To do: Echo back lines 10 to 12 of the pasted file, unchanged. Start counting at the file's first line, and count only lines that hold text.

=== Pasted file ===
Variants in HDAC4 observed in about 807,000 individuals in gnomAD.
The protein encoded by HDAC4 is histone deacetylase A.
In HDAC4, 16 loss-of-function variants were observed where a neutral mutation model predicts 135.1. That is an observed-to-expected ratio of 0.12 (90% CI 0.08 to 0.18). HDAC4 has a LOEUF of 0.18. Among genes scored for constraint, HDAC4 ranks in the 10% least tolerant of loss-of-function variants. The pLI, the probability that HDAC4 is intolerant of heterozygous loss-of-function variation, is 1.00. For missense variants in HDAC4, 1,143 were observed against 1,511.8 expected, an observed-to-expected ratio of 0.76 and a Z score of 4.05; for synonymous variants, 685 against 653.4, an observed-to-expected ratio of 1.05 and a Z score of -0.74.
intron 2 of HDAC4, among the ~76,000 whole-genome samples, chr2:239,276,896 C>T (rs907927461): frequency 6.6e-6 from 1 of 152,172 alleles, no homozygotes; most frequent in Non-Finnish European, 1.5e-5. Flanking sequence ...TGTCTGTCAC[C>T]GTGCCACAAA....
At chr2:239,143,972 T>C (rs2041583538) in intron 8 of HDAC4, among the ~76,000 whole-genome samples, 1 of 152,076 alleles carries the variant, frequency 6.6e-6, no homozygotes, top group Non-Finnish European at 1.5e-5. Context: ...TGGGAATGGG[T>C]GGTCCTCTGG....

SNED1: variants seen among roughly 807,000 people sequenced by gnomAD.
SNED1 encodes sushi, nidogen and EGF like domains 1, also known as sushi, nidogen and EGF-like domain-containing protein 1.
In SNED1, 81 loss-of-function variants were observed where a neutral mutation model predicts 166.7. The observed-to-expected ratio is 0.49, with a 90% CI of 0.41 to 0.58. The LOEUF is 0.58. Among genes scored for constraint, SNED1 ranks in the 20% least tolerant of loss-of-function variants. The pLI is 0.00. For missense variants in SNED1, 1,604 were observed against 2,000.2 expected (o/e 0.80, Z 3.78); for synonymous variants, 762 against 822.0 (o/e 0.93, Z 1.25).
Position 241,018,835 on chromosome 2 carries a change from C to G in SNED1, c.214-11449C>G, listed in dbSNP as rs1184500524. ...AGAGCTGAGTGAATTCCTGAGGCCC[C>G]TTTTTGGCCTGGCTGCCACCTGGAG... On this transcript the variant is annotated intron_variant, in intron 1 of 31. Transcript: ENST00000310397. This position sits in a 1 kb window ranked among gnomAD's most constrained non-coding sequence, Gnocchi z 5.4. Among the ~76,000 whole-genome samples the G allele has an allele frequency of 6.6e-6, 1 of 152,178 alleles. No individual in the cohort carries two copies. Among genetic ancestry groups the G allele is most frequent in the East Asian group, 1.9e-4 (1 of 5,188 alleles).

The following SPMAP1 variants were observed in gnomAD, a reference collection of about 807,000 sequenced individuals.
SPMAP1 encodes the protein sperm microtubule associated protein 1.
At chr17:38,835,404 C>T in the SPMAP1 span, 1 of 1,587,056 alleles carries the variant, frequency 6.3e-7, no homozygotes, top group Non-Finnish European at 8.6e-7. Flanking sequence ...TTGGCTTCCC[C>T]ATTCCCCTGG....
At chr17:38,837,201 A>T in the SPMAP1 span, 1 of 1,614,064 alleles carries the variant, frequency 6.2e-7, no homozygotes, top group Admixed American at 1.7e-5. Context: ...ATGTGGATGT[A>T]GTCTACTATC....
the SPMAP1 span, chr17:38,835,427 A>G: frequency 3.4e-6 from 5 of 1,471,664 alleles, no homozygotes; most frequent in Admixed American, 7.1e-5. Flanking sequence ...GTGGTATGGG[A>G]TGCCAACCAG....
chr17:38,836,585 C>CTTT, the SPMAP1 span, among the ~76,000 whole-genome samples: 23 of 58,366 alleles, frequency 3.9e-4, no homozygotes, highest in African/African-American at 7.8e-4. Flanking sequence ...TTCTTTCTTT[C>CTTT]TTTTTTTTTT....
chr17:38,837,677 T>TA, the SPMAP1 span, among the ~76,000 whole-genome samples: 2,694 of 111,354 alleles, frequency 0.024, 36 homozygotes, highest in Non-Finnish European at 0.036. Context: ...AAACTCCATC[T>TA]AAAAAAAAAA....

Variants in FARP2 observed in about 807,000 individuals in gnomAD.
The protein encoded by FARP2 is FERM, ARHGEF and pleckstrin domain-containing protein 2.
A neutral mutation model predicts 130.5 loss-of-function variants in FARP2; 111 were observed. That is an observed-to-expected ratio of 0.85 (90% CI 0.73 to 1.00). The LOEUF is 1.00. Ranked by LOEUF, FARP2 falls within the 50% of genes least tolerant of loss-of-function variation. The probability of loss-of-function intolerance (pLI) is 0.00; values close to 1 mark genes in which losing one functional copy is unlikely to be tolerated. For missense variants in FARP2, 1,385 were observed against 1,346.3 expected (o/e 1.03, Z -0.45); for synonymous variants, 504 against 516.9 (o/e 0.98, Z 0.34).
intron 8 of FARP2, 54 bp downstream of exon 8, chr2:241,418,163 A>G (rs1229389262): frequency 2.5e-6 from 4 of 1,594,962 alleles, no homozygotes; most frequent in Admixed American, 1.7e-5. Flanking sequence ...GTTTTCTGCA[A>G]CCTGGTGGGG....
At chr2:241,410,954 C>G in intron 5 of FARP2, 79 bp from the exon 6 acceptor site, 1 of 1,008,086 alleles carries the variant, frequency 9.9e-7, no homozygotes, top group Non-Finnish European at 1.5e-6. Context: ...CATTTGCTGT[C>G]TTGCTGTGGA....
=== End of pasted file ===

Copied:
The following SPMAP1 variants were observed in gnomAD, a reference collection of about 807,000 sequenced individuals.
SPMAP1 encodes the protein sperm microtubule associated protein 1.
At chr17:38,835,404 C>T in the SPMAP1 span, 1 of 1,587,056 alleles carries the variant, frequency 6.3e-7, no homozygotes, top group Non-Finnish European at 8.6e-7. Flanking sequence ...TTGGCTTCCC[C>T]ATTCCCCTGG....